Russia is on the verge of not being able to pay its debts despite the sanctions imposed by the West after Vladimir Putin’s invasion of Ukraine.
World Bank chief economist Carmen Reinhart warned on Thursday that Russia and its ally Belarus were “strongly close” to default.
A key test will come on Wednesday next week, when the Russian state will have to make a payment of $117m (£89m) on some of its US dollar-denominated debts. While Russia has relatively low debts and its financial system is less integrated with the rest of the world than that of other countries, some analysts warn that an imminent Russian default could have unintended consequences.
What happens in the event of a defect?
A default occurs when a borrower fails to make agreed payments on their debts.
The Bank of Canada and the Bank of England, which track global sovereign defaults, estimate that the total value of government debt in default worldwide was $443.2 billion in 2020, or about 0.5% of global public debt.
Among the governments that have recently defaulted are Argentina, Belize, Ecuador and Suriname, with the countries generally failing to keep up with payments denominated in foreign currencies. Some have strong track records, especially in the US and UK. However, both have been lacking in the past – including Britain in 1672 during the reign of Charles II and the United States in 1862 during the American Civil War.
Russia must make two regular coupon or interest payments on March 16. However, it will have a 30-day grace period, meaning a default wouldn’t officially occur until at least April.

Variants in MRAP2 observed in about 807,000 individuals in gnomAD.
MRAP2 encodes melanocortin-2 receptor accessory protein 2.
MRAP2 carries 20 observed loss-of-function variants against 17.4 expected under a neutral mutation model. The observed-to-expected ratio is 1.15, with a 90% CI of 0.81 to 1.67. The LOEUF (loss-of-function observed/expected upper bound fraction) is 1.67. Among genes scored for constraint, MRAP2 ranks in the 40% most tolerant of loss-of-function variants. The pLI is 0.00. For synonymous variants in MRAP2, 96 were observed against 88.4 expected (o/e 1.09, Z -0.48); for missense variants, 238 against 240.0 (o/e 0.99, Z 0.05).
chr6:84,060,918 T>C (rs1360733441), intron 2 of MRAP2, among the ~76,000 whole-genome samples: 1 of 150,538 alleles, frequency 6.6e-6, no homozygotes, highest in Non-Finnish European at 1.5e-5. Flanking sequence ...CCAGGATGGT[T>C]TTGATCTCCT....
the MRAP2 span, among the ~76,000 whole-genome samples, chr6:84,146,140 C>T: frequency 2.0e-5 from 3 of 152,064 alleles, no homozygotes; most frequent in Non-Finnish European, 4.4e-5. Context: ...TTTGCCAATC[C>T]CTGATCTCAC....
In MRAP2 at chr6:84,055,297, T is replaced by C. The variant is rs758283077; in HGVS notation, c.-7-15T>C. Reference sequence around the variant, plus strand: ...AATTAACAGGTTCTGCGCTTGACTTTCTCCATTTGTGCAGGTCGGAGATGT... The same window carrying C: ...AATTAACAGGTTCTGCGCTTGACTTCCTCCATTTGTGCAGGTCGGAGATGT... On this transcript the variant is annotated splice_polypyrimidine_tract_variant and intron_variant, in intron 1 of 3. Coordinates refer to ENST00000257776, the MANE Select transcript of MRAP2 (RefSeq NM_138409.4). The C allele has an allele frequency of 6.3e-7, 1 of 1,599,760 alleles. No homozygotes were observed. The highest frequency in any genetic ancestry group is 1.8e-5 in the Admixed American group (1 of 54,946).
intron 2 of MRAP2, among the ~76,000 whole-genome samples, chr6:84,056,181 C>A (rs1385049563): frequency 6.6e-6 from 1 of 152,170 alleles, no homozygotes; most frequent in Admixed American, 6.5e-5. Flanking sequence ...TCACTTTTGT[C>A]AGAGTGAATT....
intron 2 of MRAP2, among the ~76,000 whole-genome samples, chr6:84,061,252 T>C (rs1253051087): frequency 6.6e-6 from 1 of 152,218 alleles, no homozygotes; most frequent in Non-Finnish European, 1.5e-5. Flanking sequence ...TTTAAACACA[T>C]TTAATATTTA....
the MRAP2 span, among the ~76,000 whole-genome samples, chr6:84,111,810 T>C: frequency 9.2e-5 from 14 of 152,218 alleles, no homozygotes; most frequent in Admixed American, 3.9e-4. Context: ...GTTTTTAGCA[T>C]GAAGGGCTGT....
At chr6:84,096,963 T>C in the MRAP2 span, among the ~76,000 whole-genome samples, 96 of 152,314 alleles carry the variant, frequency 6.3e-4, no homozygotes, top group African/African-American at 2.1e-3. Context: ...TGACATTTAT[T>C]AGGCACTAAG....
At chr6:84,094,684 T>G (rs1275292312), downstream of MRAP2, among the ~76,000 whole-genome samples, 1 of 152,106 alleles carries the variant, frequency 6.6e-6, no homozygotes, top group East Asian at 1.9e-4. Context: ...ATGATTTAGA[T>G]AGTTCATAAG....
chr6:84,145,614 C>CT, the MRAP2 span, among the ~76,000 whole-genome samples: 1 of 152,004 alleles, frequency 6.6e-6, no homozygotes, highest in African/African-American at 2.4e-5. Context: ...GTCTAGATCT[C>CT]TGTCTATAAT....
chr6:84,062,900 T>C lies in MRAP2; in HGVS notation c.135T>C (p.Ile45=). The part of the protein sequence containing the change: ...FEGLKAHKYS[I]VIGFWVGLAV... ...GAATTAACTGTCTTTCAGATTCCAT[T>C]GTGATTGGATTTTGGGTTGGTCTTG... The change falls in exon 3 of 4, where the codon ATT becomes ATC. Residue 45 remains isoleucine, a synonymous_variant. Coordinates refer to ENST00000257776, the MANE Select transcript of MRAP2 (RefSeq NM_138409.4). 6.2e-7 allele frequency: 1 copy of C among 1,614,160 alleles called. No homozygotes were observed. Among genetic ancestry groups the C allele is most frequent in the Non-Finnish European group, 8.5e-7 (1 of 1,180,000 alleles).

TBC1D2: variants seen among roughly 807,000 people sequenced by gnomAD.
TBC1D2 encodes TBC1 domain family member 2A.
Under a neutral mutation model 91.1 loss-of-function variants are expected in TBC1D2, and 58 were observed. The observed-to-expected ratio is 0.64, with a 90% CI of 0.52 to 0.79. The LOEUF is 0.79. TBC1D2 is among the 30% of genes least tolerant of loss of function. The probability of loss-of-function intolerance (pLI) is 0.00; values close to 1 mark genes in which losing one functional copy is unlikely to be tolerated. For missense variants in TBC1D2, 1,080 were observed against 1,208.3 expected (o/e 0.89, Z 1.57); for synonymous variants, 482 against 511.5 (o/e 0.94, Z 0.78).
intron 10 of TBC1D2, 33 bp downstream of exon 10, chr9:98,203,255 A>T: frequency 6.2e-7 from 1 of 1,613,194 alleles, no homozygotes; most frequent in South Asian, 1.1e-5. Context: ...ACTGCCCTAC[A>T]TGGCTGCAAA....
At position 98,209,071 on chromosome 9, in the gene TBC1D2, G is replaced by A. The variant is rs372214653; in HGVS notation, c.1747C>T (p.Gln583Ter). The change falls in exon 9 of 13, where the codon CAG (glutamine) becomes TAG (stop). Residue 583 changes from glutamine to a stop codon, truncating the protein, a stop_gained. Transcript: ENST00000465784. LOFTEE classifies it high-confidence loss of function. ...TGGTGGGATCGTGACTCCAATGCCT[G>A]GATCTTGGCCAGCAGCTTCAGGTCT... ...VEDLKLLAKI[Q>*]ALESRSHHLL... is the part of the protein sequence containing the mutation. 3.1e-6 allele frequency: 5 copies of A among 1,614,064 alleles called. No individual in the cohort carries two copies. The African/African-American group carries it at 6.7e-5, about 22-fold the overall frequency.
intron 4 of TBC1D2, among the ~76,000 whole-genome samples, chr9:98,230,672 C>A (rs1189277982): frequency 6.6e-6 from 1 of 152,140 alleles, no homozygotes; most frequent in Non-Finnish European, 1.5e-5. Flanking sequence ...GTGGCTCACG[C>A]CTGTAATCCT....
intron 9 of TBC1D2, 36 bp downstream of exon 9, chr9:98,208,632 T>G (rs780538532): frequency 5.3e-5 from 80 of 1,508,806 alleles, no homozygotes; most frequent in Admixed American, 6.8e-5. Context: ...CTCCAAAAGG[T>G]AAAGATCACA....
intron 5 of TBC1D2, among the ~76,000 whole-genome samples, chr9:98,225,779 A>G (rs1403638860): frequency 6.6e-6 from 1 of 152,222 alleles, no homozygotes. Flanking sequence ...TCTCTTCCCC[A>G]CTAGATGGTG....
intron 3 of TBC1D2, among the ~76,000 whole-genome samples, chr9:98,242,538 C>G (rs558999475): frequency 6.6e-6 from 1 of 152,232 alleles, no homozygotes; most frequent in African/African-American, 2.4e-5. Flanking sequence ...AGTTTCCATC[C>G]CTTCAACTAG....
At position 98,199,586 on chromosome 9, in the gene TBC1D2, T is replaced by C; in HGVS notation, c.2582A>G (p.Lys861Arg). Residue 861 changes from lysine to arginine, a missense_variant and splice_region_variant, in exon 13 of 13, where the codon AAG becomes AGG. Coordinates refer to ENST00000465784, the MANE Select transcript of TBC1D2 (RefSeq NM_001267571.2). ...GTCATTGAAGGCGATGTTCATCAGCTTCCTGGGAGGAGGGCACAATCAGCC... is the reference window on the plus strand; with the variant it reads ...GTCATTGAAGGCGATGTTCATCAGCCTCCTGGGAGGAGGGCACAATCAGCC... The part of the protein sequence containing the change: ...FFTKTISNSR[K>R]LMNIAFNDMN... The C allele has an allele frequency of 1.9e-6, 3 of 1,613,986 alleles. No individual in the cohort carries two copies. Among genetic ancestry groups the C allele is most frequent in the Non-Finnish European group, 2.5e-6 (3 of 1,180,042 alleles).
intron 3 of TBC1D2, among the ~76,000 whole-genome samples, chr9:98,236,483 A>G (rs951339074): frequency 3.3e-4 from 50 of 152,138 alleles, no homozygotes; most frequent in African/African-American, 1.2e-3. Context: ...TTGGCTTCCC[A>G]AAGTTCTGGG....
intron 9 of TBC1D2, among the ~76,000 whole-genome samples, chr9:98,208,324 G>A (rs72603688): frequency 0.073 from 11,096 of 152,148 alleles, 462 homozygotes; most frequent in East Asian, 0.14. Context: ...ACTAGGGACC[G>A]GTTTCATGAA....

When was the last time Russia defaulted?
Russia has failed before, notably during the 1917 revolution and in 1998, when the country’s economy remained weak after the collapse of the Soviet Union and the costs of the war in Chechnya prevented it from meet the repayment of its debt. However, even then Russia continued to pay in dollars.
The so-called ruble crisis has caused severe damage to neighboring economies and sent shockwaves through the global financial system, including huge losses for US hedge fund Long-Term Capital Management.
What’s at stake
Russia has strengthened its financial position in recent years in response to Western sanctions imposed after the annexation of Crimea in 2014, with the government running budget surpluses and reducing its reliance on the US dollar.
According to the Institute of International Finance (IIF), Russia’s external debts – money owed to creditors by the government, businesses and households – have fallen from around $733 billion in 2014 to around $480 billion. dollars. Of this amount, $135 billion must be paid to creditors within one year.
However, the amount owed by the government itself is relatively small. The state holds about $40 billion in foreign currency bonds denominated in dollars and euros, which is tiny compared to the size of its economy and many comparable countries. Foreign investors also hold $28 billion of ruble-denominated Russian debt.
However, the scale of the problem is greater for Russian companies, with just under $100 billion in international bonds outstanding.